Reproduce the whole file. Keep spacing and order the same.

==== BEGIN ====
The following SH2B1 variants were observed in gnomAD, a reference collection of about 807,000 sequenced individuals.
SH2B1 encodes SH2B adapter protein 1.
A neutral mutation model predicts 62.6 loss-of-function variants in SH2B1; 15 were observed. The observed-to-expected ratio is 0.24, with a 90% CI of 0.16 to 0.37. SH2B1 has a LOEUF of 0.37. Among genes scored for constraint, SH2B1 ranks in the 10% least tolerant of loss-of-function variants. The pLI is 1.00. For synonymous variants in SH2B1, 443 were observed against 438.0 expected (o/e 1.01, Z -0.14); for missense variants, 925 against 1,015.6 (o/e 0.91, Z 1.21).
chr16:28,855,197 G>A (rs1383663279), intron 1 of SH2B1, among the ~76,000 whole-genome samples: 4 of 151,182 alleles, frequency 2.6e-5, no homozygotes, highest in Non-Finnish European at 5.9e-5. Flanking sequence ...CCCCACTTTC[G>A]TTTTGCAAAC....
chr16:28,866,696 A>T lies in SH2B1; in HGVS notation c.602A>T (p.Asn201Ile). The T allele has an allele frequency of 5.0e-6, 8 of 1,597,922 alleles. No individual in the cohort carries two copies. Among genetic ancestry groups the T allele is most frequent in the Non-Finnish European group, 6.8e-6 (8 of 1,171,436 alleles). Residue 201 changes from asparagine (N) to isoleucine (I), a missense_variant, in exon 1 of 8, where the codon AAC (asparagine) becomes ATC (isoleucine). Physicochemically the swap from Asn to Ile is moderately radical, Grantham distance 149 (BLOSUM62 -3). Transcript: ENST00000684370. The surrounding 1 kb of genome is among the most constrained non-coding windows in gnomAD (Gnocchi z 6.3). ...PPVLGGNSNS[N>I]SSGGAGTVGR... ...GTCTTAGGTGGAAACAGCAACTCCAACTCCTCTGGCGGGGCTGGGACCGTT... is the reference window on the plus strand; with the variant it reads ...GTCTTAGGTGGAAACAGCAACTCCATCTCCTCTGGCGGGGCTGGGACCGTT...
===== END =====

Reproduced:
The following SH2B1 variants were observed in gnomAD, a reference collection of about 807,000 sequenced individuals.
SH2B1 encodes SH2B adapter protein 1.
A neutral mutation model predicts 62.6 loss-of-function variants in SH2B1; 15 were observed. The observed-to-expected ratio is 0.24, with a 90% CI of 0.16 to 0.37. SH2B1 has a LOEUF of 0.37. Among genes scored for constraint, SH2B1 ranks in the 10% least tolerant of loss-of-function variants. The pLI is 1.00. For synonymous variants in SH2B1, 443 were observed against 438.0 expected (o/e 1.01, Z -0.14); for missense variants, 925 against 1,015.6 (o/e 0.91, Z 1.21).
chr16:28,855,197 G>A (rs1383663279), intron 1 of SH2B1, among the ~76,000 whole-genome samples: 4 of 151,182 alleles, frequency 2.6e-5, no homozygotes, highest in Non-Finnish European at 5.9e-5. Flanking sequence ...CCCCACTTTC[G>A]TTTTGCAAAC....
chr16:28,866,696 A>T lies in SH2B1; in HGVS notation c.602A>T (p.Asn201Ile). The T allele has an allele frequency of 5.0e-6, 8 of 1,597,922 alleles. No individual in the cohort carries two copies. Among genetic ancestry groups the T allele is most frequent in the Non-Finnish European group, 6.8e-6 (8 of 1,171,436 alleles). Residue 201 changes from asparagine (N) to isoleucine (I), a missense_variant, in exon 1 of 8, where the codon AAC (asparagine) becomes ATC (isoleucine). Physicochemically the swap from Asn to Ile is moderately radical, Grantham distance 149 (BLOSUM62 -3). Transcript: ENST00000684370. The surrounding 1 kb of genome is among the most constrained non-coding windows in gnomAD (Gnocchi z 6.3). ...PPVLGGNSNS[N>I]SSGGAGTVGR... ...GTCTTAGGTGGAAACAGCAACTCCAACTCCTCTGGCGGGGCTGGGACCGTT... is the reference window on the plus strand; with the variant it reads ...GTCTTAGGTGGAAACAGCAACTCCATCTCCTCTGGCGGGGCTGGGACCGTT...